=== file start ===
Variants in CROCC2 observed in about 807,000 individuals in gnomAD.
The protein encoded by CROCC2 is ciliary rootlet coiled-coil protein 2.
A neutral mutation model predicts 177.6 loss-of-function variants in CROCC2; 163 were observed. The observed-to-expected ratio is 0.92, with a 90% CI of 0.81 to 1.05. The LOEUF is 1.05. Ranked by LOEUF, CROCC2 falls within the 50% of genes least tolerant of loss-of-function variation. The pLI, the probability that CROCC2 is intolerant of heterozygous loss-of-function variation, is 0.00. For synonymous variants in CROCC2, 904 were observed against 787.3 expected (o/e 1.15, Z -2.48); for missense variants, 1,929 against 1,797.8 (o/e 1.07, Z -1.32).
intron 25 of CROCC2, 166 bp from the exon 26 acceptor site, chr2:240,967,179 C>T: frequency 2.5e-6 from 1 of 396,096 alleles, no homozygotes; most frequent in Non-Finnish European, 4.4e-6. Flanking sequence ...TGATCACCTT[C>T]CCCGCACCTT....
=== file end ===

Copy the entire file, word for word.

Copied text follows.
Variants in CROCC2 observed in about 807,000 individuals in gnomAD.
The protein encoded by CROCC2 is ciliary rootlet coiled-coil protein 2.
A neutral mutation model predicts 177.6 loss-of-function variants in CROCC2; 163 were observed. The observed-to-expected ratio is 0.92, with a 90% CI of 0.81 to 1.05. The LOEUF is 1.05. Ranked by LOEUF, CROCC2 falls within the 50% of genes least tolerant of loss-of-function variation. The pLI, the probability that CROCC2 is intolerant of heterozygous loss-of-function variation, is 0.00. For synonymous variants in CROCC2, 904 were observed against 787.3 expected (o/e 1.15, Z -2.48); for missense variants, 1,929 against 1,797.8 (o/e 1.07, Z -1.32).
intron 25 of CROCC2, 166 bp from the exon 26 acceptor site, chr2:240,967,179 C>T: frequency 2.5e-6 from 1 of 396,096 alleles, no homozygotes; most frequent in Non-Finnish European, 4.4e-6. Flanking sequence ...TGATCACCTT[C>T]CCCGCACCTT....